• Many people find low carbohydrate diets helpful when trying to lose weight. Carbs break down into sugars. Start to keep a journal of everything that goes in your mouth so that you can see what you are actually eating and can see how many carbs you are eating. You mention the following carbs: chips, cheerios, bread, spaghetti, macaroni and pasta, fruits, cookies and candy. You also mention that you don't feel well after you eat which is a clue to listen to your body and how it responds to what you are feeding it.
  • Portion Size: Learn to read labels. Take your M&Ms for example. The label says there are only 34 calories. That does not sound like much until you look at the serving size, which is 10 pieces - way less than what you probably eat.

    What you eat is really just a habit. Spend some time and effort to create a diet that serves you well. Then it becomes a habit and easy to follow.

  • Exercise

    Exercise is the second key to getting into good shape. Some type of exercise everyday is healthy. A variety of exercises and activities will help you address all your body's concerns and keep you from getting bored. Keep a log of what you do so you can see how you progress.

    Types of exercise you need in your life are cardiovascular (heart and lungs), flexibility (stretching), strength (resistance training) and relaxation/rest.

  • Cardio - Walking, jogging, running, biking, swimming etc. are all cardio exercise because they raise your heart rate. (See #4 on this question's answer for minimal recommendations of duration and intensity). It sounds like you are already doing cardio. The Couch to 25K podcasts have a nice progression. HIIT is cardio with short bouts of higher intensity effort.

  • Flexibility - A routine stretching program will help you prevent injury. Dynamic stretching (not static stretching) is used as a warm-up before exercise.

  • Resistance Training - Strengthening exercises not only work your muscles, but they strengthen your bones and help to improve your posture. Strengthening exercises are not done everyday so that the muscle can recover. Resistance can be from:

    • bodyweight (planks, push-ups, squats, lunges etc.),
    • resistance bands or
    • weights (free weights, barbells, dumbbells, kettlebells etc.) or machines.

    Bodyweight exercises are probably the easiest way to get started in your living room. More information about bodyweight references here.

  • Measurements

    Keeping track of your measurements will help you know how you are doing and keep you motivated. Weight, as your doctor mentioned, is one measurement. Waist measurements are easy to do and can show rapid progress.

A nice reference site for exercises is http://exrx.net/Exercise.html. That should give you enough info to develop a good program and keep from getting bored. Good luck.

  • You are welcome. As you develop your plan, you will have more questions. Check the search box and if you don't find what you need, just ask. Good luck. You are lucky that you are starting young as these changes are good for a lifetime. – BackInShapeBuddy Jul 6 '15 at 17:37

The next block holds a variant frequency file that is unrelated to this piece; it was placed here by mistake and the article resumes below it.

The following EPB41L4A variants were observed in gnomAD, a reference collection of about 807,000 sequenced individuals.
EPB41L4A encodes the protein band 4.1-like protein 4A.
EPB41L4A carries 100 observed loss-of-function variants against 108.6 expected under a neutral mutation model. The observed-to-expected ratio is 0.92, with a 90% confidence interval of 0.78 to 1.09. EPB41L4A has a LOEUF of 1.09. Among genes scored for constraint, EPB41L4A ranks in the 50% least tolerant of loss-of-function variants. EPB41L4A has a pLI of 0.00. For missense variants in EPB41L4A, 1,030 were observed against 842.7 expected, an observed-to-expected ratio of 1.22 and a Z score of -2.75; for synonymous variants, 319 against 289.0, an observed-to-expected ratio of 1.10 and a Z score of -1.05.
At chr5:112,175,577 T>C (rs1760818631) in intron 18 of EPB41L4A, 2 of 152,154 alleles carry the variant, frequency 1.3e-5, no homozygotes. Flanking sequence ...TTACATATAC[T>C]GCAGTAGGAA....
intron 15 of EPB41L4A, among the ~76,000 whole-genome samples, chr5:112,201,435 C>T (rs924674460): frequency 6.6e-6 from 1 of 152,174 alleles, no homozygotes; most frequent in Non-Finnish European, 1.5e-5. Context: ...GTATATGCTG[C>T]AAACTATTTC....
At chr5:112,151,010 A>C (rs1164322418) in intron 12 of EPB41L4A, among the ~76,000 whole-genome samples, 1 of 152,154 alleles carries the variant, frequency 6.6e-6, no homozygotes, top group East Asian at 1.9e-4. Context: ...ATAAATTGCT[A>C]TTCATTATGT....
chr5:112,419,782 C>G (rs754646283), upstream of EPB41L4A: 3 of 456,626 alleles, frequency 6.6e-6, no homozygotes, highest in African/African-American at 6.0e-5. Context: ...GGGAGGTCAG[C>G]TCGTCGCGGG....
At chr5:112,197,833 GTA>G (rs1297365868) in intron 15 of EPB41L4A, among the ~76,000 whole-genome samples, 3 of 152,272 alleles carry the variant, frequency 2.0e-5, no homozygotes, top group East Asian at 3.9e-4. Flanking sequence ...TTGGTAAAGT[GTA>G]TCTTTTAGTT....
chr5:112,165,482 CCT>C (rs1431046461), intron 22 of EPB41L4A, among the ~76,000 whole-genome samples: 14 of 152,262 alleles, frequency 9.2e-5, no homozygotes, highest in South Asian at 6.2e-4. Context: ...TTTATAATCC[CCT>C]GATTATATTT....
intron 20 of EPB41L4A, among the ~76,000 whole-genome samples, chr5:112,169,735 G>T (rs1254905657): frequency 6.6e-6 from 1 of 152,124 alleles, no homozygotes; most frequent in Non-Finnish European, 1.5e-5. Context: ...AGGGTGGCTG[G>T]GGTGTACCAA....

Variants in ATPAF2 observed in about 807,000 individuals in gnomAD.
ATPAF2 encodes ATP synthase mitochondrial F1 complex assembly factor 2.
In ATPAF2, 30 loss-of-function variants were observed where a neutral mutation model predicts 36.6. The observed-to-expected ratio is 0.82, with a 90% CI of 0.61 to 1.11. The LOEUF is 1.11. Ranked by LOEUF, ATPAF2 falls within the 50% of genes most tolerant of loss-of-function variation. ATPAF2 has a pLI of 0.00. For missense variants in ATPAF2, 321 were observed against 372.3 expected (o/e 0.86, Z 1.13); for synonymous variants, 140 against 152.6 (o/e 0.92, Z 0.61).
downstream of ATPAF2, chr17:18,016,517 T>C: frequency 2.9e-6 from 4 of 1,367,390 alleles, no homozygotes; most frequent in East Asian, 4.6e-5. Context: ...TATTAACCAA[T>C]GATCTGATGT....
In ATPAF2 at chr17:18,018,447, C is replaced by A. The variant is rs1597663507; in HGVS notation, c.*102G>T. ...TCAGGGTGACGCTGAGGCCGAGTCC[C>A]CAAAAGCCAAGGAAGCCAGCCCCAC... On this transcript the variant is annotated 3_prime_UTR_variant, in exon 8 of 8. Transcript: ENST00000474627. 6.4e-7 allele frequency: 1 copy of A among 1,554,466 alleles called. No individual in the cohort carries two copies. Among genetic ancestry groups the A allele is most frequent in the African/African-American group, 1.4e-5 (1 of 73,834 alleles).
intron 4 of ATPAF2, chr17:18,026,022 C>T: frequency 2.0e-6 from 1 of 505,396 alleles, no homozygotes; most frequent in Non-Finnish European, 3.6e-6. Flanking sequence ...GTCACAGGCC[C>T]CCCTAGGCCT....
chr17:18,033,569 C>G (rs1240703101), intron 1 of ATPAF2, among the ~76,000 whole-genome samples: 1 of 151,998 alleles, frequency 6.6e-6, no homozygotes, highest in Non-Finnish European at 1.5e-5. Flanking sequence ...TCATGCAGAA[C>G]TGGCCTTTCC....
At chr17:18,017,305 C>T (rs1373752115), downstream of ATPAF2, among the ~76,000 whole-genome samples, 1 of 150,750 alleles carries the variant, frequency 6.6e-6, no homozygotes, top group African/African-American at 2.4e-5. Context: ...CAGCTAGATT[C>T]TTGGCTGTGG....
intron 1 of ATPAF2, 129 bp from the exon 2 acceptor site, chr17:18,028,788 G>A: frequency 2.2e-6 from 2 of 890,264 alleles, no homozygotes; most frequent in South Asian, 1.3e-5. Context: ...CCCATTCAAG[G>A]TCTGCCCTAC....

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THE best way to lose weight is to count calories, it's the best because it always works and because it makes you understand what you should eat and what you shouldn't. A regular mcdonalds cheeseburger is 300 kcal, eat two for lunch and you'll have no calories left and you'll be hungry in an hour!

If you start counting calories, you'll notice that your current diet sucks and that you're very unlikely to lose any weight. The things you eat are just too energy dense to make you full with at the calorie level you should be at.

Your daily calorie need, calculated from your stats is 2344 kcal/day, that's without exercise. Add 160 kcal for every mile you run and 120 for every mile you walk.

Get some calorie counting app (I like lifesum) and start inputting what you eat, having a food scale helps a lot! Aim at eating 500-750 calories less than what you need per day and you'll see steady, weight loss.

What's great about counting calories is that it works no matter what calories you eat, so in theory you don't need to think about that (but in practice, you will learn what's smart to eat and what's not.) Really, the only disadvantage is that it's a bit cumbersome to always write down what you eat.

Water, protein, weight lifting doesn't really matter to weight loss, but are good in other ways.

Also, 200 bpm is a very high level! Aim around 160-180 on average, and do your extreme 200 bmps runs some times.

  • Thank you! However I do have a question... What do you mean by "energy dense?" What makes a food energy dense? – Julian Jefko Jul 6 '15 at 14:26
  • Many calories per unit of volume. Cucumber is not calorie dense, cookies are. Basically one component of feeling full is that your stomach is full of stuff, so eating foods that are high in volume per calorie can be a strategic choice. Even if you don't like salad stuff, there are still examples like regular potatoes vs mac'n'cheese where one choice is better with regard to density. One of my favourites if I really feel I need to chew on something is carrots, they are low density, healthy and tasty. – Mårten Jul 7 '15 at 5:44